Some improvements but still on the case!
Note: Rock Mill Quarry site is no longer being monitored as this site is adequately represented at the Viaduct and Lady Rashleigh sites and enables other sites to be monitored instead (see below).
The key points from this month's monitoring are that phosphate readings are still high but not as extreme as last month. The matter of the metal outfall pipe at the Luxulyan site is still being investigated by the Environment Agency, who have asked South West Water about it.
The chart below shows phosphate levels (indications of pollution) at all our monitoring sites since July 2021, showing clearly that the pollution affects the river Par rather than any of its tributaries: the Carbis, Treverbyn or Bokiddick streams. The source of the Par at Criggan Moor is also unaffected. These readings, although basic, suggest a source of pollution to originate from the Sewage Treatment Works and/or down stream of there.
It would seem that the selection of a new monitoring point, downstream from the Luxulyan STW, on the opposite bank, and a few metres from the unexplained outfall, is indicating the point where phosphate levels become elevated. This does not prove that the SWW treatment works is the cause but it will be interesting to see what the EA investigations initiated in October 2021 reveal.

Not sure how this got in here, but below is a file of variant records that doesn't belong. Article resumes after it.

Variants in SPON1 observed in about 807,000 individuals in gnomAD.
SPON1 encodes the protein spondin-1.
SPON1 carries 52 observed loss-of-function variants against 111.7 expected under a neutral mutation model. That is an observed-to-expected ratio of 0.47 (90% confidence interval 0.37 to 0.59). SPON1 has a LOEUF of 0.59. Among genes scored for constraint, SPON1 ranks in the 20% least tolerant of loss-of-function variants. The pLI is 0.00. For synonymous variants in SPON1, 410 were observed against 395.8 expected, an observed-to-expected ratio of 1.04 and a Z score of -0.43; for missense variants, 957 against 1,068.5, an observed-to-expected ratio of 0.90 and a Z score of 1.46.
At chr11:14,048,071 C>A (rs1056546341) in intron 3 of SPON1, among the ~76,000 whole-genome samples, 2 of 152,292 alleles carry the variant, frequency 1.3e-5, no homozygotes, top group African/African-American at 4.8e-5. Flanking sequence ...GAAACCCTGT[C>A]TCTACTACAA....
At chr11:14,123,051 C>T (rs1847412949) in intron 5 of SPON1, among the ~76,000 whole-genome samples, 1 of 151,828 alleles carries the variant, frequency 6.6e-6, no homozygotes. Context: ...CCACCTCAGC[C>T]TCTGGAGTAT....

Although lower in phosphates, the Carbis Stream continues to flow white (see below). This is not the only watercourse in the clay country to do so. It has been assumed that this is the result of material washed from its banks when the stream is higher, but as it is an assumption a more careful search for the cause of this contamination may be warranted.
Above: the Carbis stream flowing white and where it joins the River Par showing the contrasting colours
What has also become clear in the last months is the importance of organisations such as the Westcountry Rivers Trust (WRT) and its volunteers operating the citizen science programmes who do the monitoring and reporting that is lacking due to an under resourced Environment Agency. Our rivers are in decline everywhere, but the evidence collected by groups such as ours can help lobby government and challenge water companies to do better.
There is some good news!
Our otter surveys continue to confirm their presence in the Luxulyan Valley section of the Par River.
With thanks to Roger Smith for compiling our reports from which the images and information is taken.